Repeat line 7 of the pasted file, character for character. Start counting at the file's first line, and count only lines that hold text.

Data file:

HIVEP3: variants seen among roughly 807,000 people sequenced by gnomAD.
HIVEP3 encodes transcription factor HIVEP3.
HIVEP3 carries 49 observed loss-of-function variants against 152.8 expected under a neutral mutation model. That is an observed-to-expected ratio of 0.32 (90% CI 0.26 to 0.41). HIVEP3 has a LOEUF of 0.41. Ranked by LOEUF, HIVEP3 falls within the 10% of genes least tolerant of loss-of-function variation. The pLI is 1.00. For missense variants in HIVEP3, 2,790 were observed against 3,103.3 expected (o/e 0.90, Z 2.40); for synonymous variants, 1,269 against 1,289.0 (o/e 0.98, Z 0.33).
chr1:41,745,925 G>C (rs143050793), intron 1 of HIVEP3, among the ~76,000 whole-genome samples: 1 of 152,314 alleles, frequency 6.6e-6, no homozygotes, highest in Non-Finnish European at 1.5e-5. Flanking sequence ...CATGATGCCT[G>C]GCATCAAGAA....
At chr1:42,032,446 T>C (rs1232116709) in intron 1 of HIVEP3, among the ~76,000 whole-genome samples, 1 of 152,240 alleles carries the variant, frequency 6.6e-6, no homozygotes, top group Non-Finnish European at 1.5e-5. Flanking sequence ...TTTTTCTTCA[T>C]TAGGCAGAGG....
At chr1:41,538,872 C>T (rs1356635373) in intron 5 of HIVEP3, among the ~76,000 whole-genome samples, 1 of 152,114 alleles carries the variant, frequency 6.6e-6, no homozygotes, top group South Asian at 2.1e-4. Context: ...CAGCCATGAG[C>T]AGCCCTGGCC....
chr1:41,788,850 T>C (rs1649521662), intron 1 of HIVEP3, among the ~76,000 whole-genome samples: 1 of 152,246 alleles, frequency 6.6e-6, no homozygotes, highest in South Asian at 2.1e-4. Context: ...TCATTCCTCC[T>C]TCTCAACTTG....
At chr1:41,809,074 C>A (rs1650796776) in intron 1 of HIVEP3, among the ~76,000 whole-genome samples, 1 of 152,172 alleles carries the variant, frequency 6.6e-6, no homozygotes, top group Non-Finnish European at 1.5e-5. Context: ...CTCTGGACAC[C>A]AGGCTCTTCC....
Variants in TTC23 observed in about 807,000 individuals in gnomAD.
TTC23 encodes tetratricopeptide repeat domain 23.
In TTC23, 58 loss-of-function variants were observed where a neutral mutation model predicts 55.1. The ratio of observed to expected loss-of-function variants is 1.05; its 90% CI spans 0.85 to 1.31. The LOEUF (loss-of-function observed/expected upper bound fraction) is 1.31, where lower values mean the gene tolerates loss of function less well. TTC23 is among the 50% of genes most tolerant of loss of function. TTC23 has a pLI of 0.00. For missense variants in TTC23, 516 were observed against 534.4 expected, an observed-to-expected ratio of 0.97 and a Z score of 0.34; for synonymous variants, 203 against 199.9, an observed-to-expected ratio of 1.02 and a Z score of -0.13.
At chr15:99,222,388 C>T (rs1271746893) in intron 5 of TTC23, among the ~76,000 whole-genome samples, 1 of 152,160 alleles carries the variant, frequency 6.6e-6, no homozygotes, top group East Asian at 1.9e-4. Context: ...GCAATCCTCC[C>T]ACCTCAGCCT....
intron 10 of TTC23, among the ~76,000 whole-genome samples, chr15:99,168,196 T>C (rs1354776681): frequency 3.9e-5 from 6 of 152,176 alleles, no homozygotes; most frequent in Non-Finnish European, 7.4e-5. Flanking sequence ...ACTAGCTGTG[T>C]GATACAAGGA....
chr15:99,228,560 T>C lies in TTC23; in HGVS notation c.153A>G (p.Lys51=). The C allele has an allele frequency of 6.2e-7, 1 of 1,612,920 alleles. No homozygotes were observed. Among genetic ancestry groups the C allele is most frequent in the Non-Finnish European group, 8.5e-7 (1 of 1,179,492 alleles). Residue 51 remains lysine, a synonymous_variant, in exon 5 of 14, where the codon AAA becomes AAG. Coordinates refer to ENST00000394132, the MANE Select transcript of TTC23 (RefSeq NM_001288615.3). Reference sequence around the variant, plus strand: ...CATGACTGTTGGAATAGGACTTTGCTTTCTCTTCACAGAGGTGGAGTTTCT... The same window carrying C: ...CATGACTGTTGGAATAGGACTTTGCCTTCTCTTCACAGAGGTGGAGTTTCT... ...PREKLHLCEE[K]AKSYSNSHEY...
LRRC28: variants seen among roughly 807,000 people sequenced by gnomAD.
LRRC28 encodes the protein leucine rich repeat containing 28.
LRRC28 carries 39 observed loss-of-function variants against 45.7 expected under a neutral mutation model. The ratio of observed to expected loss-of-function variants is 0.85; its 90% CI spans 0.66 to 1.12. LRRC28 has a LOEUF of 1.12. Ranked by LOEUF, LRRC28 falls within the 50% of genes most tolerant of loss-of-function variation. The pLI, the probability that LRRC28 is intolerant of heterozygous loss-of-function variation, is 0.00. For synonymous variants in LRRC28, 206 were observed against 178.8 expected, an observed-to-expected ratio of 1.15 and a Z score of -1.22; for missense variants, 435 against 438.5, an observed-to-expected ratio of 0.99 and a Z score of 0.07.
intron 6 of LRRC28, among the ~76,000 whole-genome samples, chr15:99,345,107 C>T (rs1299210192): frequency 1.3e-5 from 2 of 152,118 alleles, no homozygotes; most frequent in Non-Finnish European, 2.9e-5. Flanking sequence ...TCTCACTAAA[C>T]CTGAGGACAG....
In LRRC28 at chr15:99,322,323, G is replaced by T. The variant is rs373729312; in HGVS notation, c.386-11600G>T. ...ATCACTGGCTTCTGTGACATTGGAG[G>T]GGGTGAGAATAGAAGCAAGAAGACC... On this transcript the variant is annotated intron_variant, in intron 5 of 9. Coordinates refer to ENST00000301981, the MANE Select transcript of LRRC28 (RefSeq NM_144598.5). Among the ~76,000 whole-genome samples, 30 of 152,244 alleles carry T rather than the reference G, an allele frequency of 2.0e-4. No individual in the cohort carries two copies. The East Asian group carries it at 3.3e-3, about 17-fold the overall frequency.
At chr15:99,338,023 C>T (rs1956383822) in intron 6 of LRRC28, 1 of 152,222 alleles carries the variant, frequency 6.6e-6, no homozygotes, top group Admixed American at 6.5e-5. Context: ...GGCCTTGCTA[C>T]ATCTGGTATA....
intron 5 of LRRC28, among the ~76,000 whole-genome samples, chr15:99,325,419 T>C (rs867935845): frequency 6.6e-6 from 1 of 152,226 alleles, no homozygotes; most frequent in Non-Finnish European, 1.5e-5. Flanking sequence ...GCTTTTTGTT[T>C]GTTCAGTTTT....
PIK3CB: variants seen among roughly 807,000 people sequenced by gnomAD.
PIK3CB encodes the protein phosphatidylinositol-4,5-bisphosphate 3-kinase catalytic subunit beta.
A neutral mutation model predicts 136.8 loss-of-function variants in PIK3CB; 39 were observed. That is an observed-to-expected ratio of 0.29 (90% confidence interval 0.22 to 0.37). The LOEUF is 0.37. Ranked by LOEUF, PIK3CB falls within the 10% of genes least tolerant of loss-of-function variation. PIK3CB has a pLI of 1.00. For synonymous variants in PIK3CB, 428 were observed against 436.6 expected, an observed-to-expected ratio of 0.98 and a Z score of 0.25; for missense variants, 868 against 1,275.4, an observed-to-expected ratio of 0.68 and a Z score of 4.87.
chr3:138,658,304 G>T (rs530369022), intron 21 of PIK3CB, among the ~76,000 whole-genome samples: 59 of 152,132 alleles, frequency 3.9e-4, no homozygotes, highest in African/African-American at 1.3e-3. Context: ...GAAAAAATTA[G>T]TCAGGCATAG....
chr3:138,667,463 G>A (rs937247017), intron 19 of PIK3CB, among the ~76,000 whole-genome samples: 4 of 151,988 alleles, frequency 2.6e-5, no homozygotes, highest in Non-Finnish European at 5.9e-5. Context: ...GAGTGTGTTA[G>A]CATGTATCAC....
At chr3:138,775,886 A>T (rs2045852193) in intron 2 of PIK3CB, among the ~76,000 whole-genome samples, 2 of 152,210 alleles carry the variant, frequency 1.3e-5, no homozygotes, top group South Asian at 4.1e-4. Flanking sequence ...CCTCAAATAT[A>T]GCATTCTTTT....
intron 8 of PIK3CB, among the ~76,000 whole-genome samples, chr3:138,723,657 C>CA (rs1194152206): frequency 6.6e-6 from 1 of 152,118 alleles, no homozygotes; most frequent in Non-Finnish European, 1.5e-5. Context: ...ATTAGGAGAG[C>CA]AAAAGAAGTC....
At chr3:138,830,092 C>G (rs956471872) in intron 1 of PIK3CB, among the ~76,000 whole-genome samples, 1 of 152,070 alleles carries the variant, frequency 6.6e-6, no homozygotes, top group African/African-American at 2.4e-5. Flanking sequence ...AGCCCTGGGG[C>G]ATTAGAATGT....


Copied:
chr1:41,788,850 T>C (rs1649521662), intron 1 of HIVEP3, among the ~76,000 whole-genome samples: 1 of 152,246 alleles, frequency 6.6e-6, no homozygotes, highest in South Asian at 2.1e-4. Context: ...TCATTCCTCC[T>C]TCTCAACTTG....